From Sweetheart to Monster - Understanding your Tween

It's official. Children really are growing up more quickly than ever before. For parents, the transition from child to teenager brings a minefield of challenges. In this two part article, parenting expert Eileen Hayes shares her tips for dealing with tweens.

Tween Discipline

The ages 7-12 can be such a challenging time, yet it is puzzling how little advice exists for parents of tweens. On the plus side, tween-age children usually do want to please their parents, and most love spending time with their families. Parents should try to make the most of this before the teen years kick in... 

The downside

Some behaviours in this age group can be challenging and difficult for parents. A child who may have been perfectly happy for parents to make most of the decisions, suddenly develops a strong will of his own. A placid, friendly child suddenly becomes moody and snaps at parents over the least thing. If you really enjoyed the baby and young child days, this can be a difficult adjustment.

For children, it is an experimental time, working out what sort of teenager and young person they are eventually going to become. Many parents say their children seem to be teens at ten!

Understanding the effects of Adolescence

Puberty, the start of adolescence, is now taking place earlier than in previous generations. By the end of primary school, many children will experience physical and emotional changes such as breast development or mood swings, and several girls in a class may well have started menstruation. It is also now well - established that the brain changes during the teens and pre-teen years, which makes some tricky behaviour inevitable. It is best not to take any negative behaviour too personally.

The growing influence of peer group

From age ten, the influence of friends may gradually become greater than that of parents. The clothes children wear, the hobbies they enjoy, the music and films they like must all meet peer approval - nothing is more important than feeling like they “belong”. As a parent, it is easiest to let this happen without too many battles. Your child will be making choices as a teenager soon enough, and there is no sense in major rows if he wants to start now. This is still the time to shop together, but allow your child more say over what he like – don’t just enforce your own tastes.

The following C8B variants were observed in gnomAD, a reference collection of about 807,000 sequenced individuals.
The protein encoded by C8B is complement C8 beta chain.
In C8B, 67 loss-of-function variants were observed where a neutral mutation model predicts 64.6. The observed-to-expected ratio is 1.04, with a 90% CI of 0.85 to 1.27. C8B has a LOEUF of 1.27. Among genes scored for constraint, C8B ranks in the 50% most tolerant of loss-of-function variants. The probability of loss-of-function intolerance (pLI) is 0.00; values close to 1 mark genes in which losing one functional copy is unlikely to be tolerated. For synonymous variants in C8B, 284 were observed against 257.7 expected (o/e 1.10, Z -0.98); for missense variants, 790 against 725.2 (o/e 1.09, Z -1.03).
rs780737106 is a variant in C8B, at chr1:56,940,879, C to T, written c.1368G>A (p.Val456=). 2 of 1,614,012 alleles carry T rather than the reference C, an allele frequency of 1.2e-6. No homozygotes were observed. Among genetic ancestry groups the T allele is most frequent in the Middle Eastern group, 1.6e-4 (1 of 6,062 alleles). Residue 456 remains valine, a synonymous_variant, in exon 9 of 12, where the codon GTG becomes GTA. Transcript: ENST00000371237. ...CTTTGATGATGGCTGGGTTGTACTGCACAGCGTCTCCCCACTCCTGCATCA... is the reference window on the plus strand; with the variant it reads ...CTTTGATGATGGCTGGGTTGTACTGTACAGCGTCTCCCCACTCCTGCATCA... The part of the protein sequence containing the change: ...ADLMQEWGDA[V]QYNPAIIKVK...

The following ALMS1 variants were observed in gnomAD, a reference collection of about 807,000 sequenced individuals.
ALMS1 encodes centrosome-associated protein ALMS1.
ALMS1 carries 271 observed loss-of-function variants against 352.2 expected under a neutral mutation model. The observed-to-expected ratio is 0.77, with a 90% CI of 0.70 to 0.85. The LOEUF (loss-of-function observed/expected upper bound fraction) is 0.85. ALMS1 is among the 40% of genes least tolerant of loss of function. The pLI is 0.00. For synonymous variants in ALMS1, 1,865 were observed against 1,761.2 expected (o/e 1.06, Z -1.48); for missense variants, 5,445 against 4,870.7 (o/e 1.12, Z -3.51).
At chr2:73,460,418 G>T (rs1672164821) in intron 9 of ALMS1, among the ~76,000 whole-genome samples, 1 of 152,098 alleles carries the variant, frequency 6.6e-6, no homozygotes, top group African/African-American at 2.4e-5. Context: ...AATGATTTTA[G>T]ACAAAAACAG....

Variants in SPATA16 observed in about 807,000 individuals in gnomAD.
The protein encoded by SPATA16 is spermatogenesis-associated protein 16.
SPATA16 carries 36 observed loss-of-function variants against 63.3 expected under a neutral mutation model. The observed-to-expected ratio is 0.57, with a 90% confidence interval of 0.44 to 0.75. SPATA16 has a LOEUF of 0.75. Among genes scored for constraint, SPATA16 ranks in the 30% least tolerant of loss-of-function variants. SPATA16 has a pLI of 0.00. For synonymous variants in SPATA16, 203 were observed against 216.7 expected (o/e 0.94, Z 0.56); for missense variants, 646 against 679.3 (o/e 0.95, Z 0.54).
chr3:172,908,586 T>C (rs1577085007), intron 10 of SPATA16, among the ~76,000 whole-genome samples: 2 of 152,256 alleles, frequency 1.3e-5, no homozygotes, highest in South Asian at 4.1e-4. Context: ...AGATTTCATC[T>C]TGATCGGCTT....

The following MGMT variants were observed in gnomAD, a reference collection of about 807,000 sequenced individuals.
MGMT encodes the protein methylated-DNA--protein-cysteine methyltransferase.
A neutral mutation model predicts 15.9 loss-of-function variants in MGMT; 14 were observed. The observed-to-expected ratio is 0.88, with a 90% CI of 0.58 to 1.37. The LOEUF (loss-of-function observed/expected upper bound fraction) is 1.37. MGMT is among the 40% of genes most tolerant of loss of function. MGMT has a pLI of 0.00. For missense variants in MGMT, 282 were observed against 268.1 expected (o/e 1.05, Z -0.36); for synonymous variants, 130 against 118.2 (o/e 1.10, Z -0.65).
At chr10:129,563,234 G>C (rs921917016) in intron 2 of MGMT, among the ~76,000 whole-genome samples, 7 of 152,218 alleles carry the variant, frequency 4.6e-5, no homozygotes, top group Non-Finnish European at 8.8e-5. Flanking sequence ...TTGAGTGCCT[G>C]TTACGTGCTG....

Why have they become so unco-operative?

Parents may feel really confused. Your child refuses to do things you ask, or seems to have become more hostile. It sometimes seems like they hate you, and they may even say this, but it is a temporary love-hate situation that represents their confusion and resentment of the power you have over them. Like toddlers, they have become aware of increasing independence and their widening range of choices. They say “no” simply because they can! Your child can also use his more advanced language, not just to negotiate sensibly with you, but to deliberately deceive you, or to answer back defiantly or rebel against your control.

Life is also tougher for older children. No longer seen as ‘cute’, expectations on them to behave are much greater, which can be stressful.

The top five behaviour problems in pre-teens

  1. Not listening to parents
  2. Answering back and 'cheekiness'. 
  3. Refusing to obey when asked to do something 
  4. Swearing 
  5. Secrets and Lies

The top five parenting tips 

  1. Speak quietly and calmly. Avoid nagging that children simply “tune out”. Make eye contact and show by voice tone and body language you mean what you say. 
  2. Remember some of their behaviour is trying out grown up roles and independence. Be clear about what is unacceptable and stand firm, but always make an effort to speak politely and respectfully. 
  3. Children do want clear boundaries, but think about whether the request is fair and age appropriate. Could you be flexible or negotiate? Is it time to review rules? 
  4. Check your own language isn’t being copied. State clearly if your rule is that no swearing is allowed, and what sanctions will follow. 
  5. Being secretive, or even lying is very difficult for many parents. Explain why lying is wrong and stress that you value honesty - talk about any reasons behind the behaviour. Respect the increasing need for privacy and independence as children grow – they may not want to tell you everything, and insisting on this can lead to lies.

Related links

  • Discipline Tips for the Tween Years: Your child has always been an angel and then they arrive... the dreaded tween years. Parenting expert Eileen Hayes has these discipline tips for children aged 7-12.

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